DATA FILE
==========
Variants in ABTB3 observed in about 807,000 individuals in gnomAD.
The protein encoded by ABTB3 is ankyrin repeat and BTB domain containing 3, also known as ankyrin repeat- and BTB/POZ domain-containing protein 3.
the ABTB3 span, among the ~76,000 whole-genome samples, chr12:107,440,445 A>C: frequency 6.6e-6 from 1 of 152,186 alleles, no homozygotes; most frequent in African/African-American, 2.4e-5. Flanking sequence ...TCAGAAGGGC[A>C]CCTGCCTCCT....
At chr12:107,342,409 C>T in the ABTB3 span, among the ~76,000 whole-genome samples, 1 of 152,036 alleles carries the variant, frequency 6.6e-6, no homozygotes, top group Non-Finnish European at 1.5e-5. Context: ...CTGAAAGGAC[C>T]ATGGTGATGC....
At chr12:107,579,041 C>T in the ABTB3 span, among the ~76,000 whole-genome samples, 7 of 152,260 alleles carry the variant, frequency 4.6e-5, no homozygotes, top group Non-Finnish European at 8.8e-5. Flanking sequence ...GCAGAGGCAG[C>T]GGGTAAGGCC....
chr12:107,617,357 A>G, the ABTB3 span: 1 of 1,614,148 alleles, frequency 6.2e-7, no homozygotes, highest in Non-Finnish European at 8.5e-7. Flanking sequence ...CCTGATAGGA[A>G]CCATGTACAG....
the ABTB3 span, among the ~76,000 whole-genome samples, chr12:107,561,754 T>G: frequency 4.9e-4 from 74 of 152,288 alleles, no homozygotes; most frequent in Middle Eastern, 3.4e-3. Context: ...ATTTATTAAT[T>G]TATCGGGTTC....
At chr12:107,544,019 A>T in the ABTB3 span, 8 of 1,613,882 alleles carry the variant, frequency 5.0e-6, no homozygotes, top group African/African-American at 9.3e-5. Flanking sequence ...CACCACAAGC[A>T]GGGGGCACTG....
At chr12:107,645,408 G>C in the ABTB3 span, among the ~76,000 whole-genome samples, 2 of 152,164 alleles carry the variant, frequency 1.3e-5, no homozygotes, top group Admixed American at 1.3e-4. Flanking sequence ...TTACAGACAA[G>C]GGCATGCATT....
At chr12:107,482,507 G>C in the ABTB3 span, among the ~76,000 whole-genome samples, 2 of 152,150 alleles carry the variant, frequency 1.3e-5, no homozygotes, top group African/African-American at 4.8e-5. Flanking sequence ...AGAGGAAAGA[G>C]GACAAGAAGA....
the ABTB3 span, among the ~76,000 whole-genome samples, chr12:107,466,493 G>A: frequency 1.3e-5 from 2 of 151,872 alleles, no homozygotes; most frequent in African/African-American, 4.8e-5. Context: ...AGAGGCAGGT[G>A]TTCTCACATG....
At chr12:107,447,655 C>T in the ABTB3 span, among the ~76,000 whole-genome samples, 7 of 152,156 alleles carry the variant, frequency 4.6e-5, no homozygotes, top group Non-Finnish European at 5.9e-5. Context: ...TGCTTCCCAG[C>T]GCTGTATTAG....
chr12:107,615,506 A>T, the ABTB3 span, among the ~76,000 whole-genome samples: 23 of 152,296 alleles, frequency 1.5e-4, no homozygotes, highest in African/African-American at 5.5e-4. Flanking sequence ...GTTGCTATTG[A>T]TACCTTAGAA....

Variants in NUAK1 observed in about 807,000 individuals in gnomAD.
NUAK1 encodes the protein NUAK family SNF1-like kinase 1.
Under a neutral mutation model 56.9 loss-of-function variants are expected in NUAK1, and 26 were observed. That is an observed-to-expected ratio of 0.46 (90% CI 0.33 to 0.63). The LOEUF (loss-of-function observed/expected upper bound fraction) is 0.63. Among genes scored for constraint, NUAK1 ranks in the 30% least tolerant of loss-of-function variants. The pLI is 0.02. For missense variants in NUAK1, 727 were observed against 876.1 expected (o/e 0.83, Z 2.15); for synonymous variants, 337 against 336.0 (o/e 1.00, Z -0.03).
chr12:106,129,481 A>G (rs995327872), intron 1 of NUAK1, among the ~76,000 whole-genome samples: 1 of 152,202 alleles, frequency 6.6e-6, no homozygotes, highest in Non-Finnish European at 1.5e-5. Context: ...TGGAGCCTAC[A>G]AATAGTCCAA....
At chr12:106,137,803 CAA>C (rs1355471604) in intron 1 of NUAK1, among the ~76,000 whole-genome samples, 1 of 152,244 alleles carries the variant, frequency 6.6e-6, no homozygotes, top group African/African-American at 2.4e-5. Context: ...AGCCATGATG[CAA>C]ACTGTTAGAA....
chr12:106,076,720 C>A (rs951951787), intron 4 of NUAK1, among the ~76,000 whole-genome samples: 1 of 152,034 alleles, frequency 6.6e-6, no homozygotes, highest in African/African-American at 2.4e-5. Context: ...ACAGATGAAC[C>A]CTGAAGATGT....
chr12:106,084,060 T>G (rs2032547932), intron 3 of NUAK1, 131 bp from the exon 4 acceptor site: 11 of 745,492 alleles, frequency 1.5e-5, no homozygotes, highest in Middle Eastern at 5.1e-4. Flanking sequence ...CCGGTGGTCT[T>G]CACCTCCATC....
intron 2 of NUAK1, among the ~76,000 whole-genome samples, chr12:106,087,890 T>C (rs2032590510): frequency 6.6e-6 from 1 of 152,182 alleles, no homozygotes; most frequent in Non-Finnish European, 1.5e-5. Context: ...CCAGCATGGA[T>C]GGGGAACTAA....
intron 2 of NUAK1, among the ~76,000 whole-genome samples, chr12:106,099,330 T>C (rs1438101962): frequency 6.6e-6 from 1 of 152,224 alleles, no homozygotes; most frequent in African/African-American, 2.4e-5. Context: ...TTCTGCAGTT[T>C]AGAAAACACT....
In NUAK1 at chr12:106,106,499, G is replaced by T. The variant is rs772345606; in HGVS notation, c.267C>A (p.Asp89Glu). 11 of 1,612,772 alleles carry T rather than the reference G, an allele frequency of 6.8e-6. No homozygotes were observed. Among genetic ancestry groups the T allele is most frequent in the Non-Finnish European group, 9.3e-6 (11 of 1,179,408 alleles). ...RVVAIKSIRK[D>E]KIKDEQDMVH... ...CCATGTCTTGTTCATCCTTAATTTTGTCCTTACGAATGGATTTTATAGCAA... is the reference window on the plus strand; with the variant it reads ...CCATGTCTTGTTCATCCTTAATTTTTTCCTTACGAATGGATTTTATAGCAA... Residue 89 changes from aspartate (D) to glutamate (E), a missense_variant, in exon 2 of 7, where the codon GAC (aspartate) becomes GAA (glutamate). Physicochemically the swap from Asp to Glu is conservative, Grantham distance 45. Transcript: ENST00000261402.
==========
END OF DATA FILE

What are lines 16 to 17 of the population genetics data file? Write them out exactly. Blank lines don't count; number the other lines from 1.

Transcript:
Under a neutral mutation model 56.9 loss-of-function variants are expected in NUAK1, and 26 were observed. That is an observed-to-expected ratio of 0.46 (90% CI 0.33 to 0.63). The LOEUF (loss-of-function observed/expected upper bound fraction) is 0.63. Among genes scored for constraint, NUAK1 ranks in the 30% least tolerant of loss-of-function variants. The pLI is 0.02. For missense variants in NUAK1, 727 were observed against 876.1 expected (o/e 0.83, Z 2.15); for synonymous variants, 337 against 336.0 (o/e 1.00, Z -0.03).
chr12:106,129,481 A>G (rs995327872), intron 1 of NUAK1, among the ~76,000 whole-genome samples: 1 of 152,202 alleles, frequency 6.6e-6, no homozygotes, highest in Non-Finnish European at 1.5e-5. Context: ...TGGAGCCTAC[A>G]AATAGTCCAA....